Software apps and online services
Just a few days ago IFTTT launched a channel for makers. Just in case you do not know IFTTT yet, it is a web platform that facilitates connections between other big platforms under the form of recipes giving a great degree of flexibility in creating mashups.
This was a highly awaited feature since until now it was impossible to connect prototypes to the recipes and only a few approved devices were available from large producers that were accepted in the platform. The Maker channel changes all that. It allows both making web requests to the channel to send events to other platforms from devices and from other platforms to the devices.
The only problem with the channel is that it allows only HTTP requests to be made and if you get a bit unlucky with the device and it's network the command might not reach it. Protocols like MQTT are far more reliable and have a lower footprint. A special property of the protocol is that it has a quality of service which specifies for the data to be sent until the device receives it. To take advantage of this you can either host your MQTT broker or take advantage of an IoT platform that offers this. DeviceHub.net offers this service. You can learn more about it in this tutorial specific about MQTT and what benefits it has over HTTP here.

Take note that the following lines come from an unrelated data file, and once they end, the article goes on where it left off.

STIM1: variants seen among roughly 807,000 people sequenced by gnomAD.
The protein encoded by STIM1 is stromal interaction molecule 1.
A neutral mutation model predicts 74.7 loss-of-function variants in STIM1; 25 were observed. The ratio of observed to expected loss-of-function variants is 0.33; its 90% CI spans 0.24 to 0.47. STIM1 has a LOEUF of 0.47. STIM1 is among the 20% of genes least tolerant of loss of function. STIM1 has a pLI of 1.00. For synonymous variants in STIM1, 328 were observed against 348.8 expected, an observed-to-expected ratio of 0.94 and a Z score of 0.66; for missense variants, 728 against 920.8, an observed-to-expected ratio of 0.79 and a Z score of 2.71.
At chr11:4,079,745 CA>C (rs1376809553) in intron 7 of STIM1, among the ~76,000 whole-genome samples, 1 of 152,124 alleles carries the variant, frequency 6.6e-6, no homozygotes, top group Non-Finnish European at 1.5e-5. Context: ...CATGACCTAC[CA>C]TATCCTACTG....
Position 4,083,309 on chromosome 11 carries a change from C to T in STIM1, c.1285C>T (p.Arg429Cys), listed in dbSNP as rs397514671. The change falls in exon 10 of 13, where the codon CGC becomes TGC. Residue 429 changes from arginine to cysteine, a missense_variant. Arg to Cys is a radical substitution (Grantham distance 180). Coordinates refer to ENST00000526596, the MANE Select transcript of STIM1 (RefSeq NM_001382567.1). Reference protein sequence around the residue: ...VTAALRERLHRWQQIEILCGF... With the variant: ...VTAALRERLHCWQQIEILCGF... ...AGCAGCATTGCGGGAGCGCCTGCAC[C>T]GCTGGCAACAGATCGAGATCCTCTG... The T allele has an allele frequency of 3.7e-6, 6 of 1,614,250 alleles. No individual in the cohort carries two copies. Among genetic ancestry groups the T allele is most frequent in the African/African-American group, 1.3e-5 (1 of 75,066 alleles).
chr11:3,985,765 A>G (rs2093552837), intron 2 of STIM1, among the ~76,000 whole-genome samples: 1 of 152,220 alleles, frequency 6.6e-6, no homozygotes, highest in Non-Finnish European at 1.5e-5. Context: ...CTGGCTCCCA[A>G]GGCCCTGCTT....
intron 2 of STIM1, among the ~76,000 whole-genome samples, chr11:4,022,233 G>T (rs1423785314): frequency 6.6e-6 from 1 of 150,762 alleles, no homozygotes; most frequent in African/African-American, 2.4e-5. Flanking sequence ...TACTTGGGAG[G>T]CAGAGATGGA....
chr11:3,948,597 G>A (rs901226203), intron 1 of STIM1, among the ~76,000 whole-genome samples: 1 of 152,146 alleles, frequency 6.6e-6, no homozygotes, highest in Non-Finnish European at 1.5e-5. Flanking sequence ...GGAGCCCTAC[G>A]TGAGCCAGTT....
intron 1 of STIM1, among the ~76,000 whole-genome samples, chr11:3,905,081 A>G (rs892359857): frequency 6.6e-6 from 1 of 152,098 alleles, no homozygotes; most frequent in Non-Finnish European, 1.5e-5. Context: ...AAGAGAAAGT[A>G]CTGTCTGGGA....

The first step is to register on the platform and create a Device as an entry point for your data on the cloud. You can do that herehttps://dashboard.devicehub.net/register and follow the wizard there to create your device.
Every Device has a unique id (UUID) and an associated API key of the project it resides to make sending data secure and reliable.
After you have one device add an Actuator in it. This will be hooked to the prototype by using the bellow code and relay the action done with the IFTTT button.
To use IFTTT you have to set up a recipe in the Do button on your phone:
We used an ESP8266 kit because it had already a relay and all we needed for a quick IoT setup. You can use any hardware with the DeviceHub.net platform as long as you set up the API requests right. All we wanted is to switch an appliance on and off with the Do button app from IFTTT.
To upload it to the ESP8266 we used the esptool utility that runs with Python.
For the main code we used ESPlorer to upload it. You can find the init.lua and project.lua files in the software zone of this tutorial.